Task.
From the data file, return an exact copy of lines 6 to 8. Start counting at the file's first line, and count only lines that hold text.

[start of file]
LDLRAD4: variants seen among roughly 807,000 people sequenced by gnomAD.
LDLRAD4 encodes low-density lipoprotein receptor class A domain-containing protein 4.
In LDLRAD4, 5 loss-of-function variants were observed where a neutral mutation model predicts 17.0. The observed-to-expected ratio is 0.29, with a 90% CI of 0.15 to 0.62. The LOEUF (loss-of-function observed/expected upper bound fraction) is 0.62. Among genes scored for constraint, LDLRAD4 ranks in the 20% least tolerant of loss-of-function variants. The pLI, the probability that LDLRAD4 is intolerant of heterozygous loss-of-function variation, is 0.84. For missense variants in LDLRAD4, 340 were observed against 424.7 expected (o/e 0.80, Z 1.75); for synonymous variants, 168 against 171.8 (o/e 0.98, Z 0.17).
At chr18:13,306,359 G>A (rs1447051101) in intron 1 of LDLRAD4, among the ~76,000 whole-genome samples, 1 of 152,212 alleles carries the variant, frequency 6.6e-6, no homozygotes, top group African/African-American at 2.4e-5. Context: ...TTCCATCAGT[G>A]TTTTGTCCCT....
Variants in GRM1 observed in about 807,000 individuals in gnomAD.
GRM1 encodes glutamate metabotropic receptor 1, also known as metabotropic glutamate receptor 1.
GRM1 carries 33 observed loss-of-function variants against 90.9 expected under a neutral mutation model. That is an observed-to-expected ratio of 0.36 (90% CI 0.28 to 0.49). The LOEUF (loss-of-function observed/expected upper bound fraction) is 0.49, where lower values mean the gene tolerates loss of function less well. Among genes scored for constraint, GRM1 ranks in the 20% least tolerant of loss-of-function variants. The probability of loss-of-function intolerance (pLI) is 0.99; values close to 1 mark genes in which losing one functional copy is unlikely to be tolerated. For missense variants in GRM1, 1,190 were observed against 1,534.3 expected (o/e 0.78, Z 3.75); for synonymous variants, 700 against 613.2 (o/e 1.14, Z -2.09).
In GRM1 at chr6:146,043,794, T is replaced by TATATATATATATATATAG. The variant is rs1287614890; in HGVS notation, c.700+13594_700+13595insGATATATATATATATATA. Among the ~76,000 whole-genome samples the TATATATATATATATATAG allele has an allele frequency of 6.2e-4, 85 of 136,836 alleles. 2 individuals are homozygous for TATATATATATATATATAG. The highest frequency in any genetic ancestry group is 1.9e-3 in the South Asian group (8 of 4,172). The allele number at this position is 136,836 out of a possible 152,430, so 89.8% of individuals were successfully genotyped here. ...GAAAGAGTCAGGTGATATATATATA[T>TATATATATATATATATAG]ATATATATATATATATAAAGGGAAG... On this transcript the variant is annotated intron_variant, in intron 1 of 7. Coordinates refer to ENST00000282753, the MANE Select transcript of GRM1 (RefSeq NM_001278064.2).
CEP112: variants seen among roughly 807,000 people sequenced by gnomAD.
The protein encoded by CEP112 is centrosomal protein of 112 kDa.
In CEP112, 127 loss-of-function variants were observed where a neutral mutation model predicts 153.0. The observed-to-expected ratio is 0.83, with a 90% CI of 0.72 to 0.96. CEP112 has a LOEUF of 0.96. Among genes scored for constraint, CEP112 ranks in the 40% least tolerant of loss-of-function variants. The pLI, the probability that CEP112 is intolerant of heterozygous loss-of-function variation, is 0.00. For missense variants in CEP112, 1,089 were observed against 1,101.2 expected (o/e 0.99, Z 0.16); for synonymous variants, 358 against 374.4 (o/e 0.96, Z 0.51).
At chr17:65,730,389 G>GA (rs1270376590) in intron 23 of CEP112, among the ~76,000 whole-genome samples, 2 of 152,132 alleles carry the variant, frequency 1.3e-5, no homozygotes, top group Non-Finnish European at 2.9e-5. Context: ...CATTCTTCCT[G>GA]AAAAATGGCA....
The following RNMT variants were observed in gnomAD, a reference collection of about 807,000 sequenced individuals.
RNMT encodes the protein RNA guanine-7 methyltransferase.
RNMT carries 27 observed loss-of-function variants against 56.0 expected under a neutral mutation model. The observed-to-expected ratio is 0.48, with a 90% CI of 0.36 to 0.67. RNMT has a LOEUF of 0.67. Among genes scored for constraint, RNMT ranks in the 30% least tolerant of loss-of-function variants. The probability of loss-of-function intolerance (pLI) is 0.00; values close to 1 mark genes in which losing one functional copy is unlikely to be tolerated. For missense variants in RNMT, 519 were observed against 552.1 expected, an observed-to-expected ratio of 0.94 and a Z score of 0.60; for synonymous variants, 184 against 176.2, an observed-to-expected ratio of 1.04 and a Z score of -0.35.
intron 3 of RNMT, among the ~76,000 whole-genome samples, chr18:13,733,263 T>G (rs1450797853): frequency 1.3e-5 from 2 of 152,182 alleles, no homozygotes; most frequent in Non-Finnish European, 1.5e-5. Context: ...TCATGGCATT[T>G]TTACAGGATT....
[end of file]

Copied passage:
GRM1 encodes glutamate metabotropic receptor 1, also known as metabotropic glutamate receptor 1.
GRM1 carries 33 observed loss-of-function variants against 90.9 expected under a neutral mutation model. That is an observed-to-expected ratio of 0.36 (90% CI 0.28 to 0.49). The LOEUF (loss-of-function observed/expected upper bound fraction) is 0.49, where lower values mean the gene tolerates loss of function less well. Among genes scored for constraint, GRM1 ranks in the 20% least tolerant of loss-of-function variants. The probability of loss-of-function intolerance (pLI) is 0.99; values close to 1 mark genes in which losing one functional copy is unlikely to be tolerated. For missense variants in GRM1, 1,190 were observed against 1,534.3 expected (o/e 0.78, Z 3.75); for synonymous variants, 700 against 613.2 (o/e 1.14, Z -2.09).
In GRM1 at chr6:146,043,794, T is replaced by TATATATATATATATATAG. The variant is rs1287614890; in HGVS notation, c.700+13594_700+13595insGATATATATATATATATA. Among the ~76,000 whole-genome samples the TATATATATATATATATAG allele has an allele frequency of 6.2e-4, 85 of 136,836 alleles. 2 individuals are homozygous for TATATATATATATATATAG. The highest frequency in any genetic ancestry group is 1.9e-3 in the South Asian group (8 of 4,172). The allele number at this position is 136,836 out of a possible 152,430, so 89.8% of individuals were successfully genotyped here. ...GAAAGAGTCAGGTGATATATATATA[T>TATATATATATATATATAG]ATATATATATATATATAAAGGGAAG... On this transcript the variant is annotated intron_variant, in intron 1 of 7. Coordinates refer to ENST00000282753, the MANE Select transcript of GRM1 (RefSeq NM_001278064.2).